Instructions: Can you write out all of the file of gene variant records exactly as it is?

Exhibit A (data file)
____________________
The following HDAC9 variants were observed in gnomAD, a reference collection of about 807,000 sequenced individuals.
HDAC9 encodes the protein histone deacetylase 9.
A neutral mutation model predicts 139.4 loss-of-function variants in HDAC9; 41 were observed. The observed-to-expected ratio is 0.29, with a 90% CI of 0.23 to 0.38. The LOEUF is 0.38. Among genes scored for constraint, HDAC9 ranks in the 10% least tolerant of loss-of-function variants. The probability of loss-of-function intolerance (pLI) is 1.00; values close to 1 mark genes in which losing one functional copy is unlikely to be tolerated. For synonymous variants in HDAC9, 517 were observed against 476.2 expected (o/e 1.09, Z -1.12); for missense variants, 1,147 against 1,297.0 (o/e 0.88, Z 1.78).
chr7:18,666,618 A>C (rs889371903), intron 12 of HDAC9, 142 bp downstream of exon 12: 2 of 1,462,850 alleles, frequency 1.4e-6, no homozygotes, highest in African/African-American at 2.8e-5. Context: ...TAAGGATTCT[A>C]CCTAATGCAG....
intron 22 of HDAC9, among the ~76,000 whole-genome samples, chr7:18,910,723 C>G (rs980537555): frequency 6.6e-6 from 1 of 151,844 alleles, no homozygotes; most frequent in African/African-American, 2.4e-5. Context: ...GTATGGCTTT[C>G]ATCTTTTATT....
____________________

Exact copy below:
The following HDAC9 variants were observed in gnomAD, a reference collection of about 807,000 sequenced individuals.
HDAC9 encodes the protein histone deacetylase 9.
A neutral mutation model predicts 139.4 loss-of-function variants in HDAC9; 41 were observed. The observed-to-expected ratio is 0.29, with a 90% CI of 0.23 to 0.38. The LOEUF is 0.38. Among genes scored for constraint, HDAC9 ranks in the 10% least tolerant of loss-of-function variants. The probability of loss-of-function intolerance (pLI) is 1.00; values close to 1 mark genes in which losing one functional copy is unlikely to be tolerated. For synonymous variants in HDAC9, 517 were observed against 476.2 expected (o/e 1.09, Z -1.12); for missense variants, 1,147 against 1,297.0 (o/e 0.88, Z 1.78).
chr7:18,666,618 A>C (rs889371903), intron 12 of HDAC9, 142 bp downstream of exon 12: 2 of 1,462,850 alleles, frequency 1.4e-6, no homozygotes, highest in African/African-American at 2.8e-5. Context: ...TAAGGATTCT[A>C]CCTAATGCAG....
intron 22 of HDAC9, among the ~76,000 whole-genome samples, chr7:18,910,723 C>G (rs980537555): frequency 6.6e-6 from 1 of 151,844 alleles, no homozygotes; most frequent in African/African-American, 2.4e-5. Context: ...GTATGGCTTT[C>G]ATCTTTTATT....